My passion for reading goes way, way back.  Thanks to Mom for reading to Baby Cait, I was reading on my own at the age of 3. At age 5, I catalogued all of my books and loaned them out to the kids in my cul-de-sac. (Seriously. I still have some of the books. I wrote “Cait – Book #” on the inside cover, so I could keep track of who borrowed what.) Since then, my passion for buying, reading and giving books has grown to become one of my favourite hobbies.

When other kids were going to dance classes or playing on sports teams, I was reading. And I couldn’t be more thankful that my family was willing to support this hobby. I have vivid memories of my aunt taking me to bookstores and libraries on the weekends, and me coming home with stacks of new stories. Sweet Valley Twin books almost weren’t worth purchasing, because I would finish them in just a few hours. Nancy Drew and I were inseparable. R.L. Stine’s Goosebumps series was another favourite of mine. And don’t even get me started on how much I loved The Babysitter’s Club. I enjoyed classic children’s novels, as well, and one of my favourite books to this day is The Giver. (I just gave a new copy of it to Baby Bro for Christmas, because I want someone else to enjoy it as much as I did.)

While I can’t say that I am a collector of good books, I love the feeling I get when I stand in front of my bookshelf. Like I’m just a short reach away from diving deep into a new world. And it’s up to me if I want that new world to be happy, sad or dramatic, or if I want to read classic words written by authors so brilliant you cannot help but fantasize where they were sitting when they were writing them.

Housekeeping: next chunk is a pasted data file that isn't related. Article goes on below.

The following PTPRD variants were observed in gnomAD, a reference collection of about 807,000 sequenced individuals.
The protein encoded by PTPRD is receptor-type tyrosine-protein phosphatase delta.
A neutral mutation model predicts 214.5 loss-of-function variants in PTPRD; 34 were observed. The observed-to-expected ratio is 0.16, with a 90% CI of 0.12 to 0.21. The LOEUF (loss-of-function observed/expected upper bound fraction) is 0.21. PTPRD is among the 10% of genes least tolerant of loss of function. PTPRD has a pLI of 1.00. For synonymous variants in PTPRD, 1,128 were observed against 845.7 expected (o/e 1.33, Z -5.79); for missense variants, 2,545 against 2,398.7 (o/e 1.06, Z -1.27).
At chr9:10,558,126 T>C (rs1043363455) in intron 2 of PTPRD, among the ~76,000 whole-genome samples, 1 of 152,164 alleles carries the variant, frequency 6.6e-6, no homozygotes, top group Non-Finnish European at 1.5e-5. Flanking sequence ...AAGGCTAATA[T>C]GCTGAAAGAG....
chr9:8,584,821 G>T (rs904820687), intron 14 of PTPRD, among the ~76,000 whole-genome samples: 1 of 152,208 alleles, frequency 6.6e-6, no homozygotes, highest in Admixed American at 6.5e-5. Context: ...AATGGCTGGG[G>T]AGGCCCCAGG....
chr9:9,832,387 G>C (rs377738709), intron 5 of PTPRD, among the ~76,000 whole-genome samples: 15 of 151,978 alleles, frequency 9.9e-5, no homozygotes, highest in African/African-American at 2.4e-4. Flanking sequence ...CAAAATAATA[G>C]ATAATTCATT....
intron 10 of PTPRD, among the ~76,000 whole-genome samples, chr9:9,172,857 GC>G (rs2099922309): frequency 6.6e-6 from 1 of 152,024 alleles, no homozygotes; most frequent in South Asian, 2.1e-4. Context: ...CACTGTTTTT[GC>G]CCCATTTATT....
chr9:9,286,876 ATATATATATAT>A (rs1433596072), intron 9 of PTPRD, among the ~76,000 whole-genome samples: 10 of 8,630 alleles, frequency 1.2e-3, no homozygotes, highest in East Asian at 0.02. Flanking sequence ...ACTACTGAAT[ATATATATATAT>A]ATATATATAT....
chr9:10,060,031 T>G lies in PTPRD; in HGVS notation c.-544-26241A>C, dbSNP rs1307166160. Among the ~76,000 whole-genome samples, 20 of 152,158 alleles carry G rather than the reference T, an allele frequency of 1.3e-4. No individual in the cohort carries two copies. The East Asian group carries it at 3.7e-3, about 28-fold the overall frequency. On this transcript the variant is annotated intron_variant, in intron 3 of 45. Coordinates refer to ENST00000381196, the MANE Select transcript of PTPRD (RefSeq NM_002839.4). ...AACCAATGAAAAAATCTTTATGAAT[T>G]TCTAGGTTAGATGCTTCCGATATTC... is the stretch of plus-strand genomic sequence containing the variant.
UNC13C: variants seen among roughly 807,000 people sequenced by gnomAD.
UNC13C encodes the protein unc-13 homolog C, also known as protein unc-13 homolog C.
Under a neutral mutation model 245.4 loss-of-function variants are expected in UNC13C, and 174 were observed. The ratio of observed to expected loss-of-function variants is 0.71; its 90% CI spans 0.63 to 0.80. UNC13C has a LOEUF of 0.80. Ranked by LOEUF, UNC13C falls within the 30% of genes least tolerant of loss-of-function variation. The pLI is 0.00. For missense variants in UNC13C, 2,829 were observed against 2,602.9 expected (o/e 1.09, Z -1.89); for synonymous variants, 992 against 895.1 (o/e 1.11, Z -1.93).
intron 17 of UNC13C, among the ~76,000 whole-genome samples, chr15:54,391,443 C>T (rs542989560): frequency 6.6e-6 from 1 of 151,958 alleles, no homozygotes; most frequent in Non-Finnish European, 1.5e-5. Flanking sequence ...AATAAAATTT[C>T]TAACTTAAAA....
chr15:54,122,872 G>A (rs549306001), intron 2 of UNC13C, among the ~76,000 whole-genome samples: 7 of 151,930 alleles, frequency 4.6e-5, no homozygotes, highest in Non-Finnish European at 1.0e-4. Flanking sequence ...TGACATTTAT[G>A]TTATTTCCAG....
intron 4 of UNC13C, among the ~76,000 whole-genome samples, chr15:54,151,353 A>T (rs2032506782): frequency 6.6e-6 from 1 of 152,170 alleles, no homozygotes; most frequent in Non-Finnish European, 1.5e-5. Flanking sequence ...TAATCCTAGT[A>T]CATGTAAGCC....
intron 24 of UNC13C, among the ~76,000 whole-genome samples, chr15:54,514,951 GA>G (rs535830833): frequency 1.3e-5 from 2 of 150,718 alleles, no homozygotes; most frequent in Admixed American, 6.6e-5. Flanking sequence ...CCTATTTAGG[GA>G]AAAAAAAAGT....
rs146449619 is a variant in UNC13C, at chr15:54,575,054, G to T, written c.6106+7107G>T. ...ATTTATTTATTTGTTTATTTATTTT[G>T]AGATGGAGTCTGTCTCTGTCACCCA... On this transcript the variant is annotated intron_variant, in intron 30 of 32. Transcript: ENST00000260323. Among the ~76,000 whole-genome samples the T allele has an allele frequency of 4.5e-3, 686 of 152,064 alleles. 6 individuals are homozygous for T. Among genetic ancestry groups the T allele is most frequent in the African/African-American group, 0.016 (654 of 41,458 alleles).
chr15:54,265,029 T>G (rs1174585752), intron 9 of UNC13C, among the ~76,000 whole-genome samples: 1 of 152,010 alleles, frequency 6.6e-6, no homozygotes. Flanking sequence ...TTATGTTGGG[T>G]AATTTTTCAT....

Building a library has always come easy for me. I remember constantly re-organizing my books as a child, switching between putting them in order of the colours of a rainbow to, finally the more grownup version, the author’s last names. Today, I have books I’ve read only once, more that I’ve read a few times, and a stack I haven’t had the chance to turn a single page of. And, believe it or not, I still have my entire collection of Sweet Valley books!

Now that I’ve romanticized my love of books for you, it’s time to move onto what this post is really about. Is my book buying habit a need or a want? Welcome to my grey area. I know that reading is a hobby and, therefore, buying books is a want. But when a hobby brings you joy, I think it’s worth every penny.

One of my best friends always says, “you only live once, and the money’s not going with you.” While I wouldn’t take that as advice to go out and blow your budget, it’s true that you will only get a certain number of years to enjoy the money you make. Building my library makes me happy. Sharing my books with friends makes me happy. And you’d better believe I’ll be sharing this hobby with my future children.